“At Fermilab we have the whole cycle,” said Fermilab’s Vladimir Kashikhin, who is in charge of magnet designs and simulations. “Because of our experience in magnet technology and the people who can simulate and fabricate magnets and make magnetic measurements, we are capable of making any type of accelerator magnet.”

The M1’s magnetic field is strong at one end and tapers off at the other end, reducing the impact of processes that increase the beam size, producing a brighter beam. Because of this change in field, this magnet is different from anything Fermilab had ever built. But by May, Fermilab’s team had completed and tested the magnet and shipped it to Argonne, where it charged triumphantly through a series of tests.

“The magnetic field shape they were asking for was a little bit challenging,” said Dave Harding, the principal investigator leading the project at Fermilab. “Getting the shape of the steel to produce that distribution and magnetic field required some tinkering. But we did it.”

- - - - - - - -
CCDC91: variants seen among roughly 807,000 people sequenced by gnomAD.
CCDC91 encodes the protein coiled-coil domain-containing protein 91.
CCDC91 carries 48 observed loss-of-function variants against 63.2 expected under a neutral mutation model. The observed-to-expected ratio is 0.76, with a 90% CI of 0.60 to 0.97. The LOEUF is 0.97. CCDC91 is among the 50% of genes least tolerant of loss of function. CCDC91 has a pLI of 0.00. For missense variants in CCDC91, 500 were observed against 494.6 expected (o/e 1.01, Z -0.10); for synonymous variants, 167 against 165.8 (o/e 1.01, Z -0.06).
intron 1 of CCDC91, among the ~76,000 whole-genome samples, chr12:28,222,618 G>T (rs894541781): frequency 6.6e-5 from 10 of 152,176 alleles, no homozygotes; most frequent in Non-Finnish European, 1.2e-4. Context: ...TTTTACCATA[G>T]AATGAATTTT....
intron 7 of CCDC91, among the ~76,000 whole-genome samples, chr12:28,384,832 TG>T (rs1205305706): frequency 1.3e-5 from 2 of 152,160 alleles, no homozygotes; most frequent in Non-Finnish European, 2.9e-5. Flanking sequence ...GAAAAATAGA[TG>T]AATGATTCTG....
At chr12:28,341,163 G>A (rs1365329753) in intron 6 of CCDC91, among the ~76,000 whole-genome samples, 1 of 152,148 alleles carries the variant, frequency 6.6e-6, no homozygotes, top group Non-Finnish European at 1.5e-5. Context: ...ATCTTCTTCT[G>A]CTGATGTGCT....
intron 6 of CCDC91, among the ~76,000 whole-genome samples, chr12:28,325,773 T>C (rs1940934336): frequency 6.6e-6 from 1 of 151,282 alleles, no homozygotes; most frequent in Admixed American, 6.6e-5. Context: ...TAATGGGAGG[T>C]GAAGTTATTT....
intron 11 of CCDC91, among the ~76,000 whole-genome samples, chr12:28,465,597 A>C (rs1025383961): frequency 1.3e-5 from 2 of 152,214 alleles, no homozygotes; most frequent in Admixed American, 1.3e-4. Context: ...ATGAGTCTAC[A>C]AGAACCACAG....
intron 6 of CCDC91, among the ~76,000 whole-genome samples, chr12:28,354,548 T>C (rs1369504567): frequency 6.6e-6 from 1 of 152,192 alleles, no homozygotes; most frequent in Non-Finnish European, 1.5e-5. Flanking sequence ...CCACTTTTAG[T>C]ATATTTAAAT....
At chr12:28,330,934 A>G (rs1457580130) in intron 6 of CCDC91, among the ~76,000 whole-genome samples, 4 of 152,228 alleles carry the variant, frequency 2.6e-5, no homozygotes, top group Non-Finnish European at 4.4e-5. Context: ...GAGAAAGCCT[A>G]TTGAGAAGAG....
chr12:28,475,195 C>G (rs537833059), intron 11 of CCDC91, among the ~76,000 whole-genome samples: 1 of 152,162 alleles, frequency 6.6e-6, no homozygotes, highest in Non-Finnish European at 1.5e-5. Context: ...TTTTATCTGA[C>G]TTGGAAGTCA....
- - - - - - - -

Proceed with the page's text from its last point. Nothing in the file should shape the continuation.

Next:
Although this pre-prototype magnet is unlikely to be installed in the complete storage ring, scientists working in this collaboration view the M1 development as an opportunity to learn about technical difficulties, validate their designs and strengthen their skills.

“Getting our hands on some real hardware injected a dose of reality into our process,” Decker said. “We’re going to take the lessons we learned from this M1 magnet and fold them into the next iteration of the magnet. We’re looking forward to a continuing collaboration with Fermilab’s Technical Division on magnetic measurements and refinement of our magnet designs, working toward the next world-leading hard X-ray synchrotron light source.”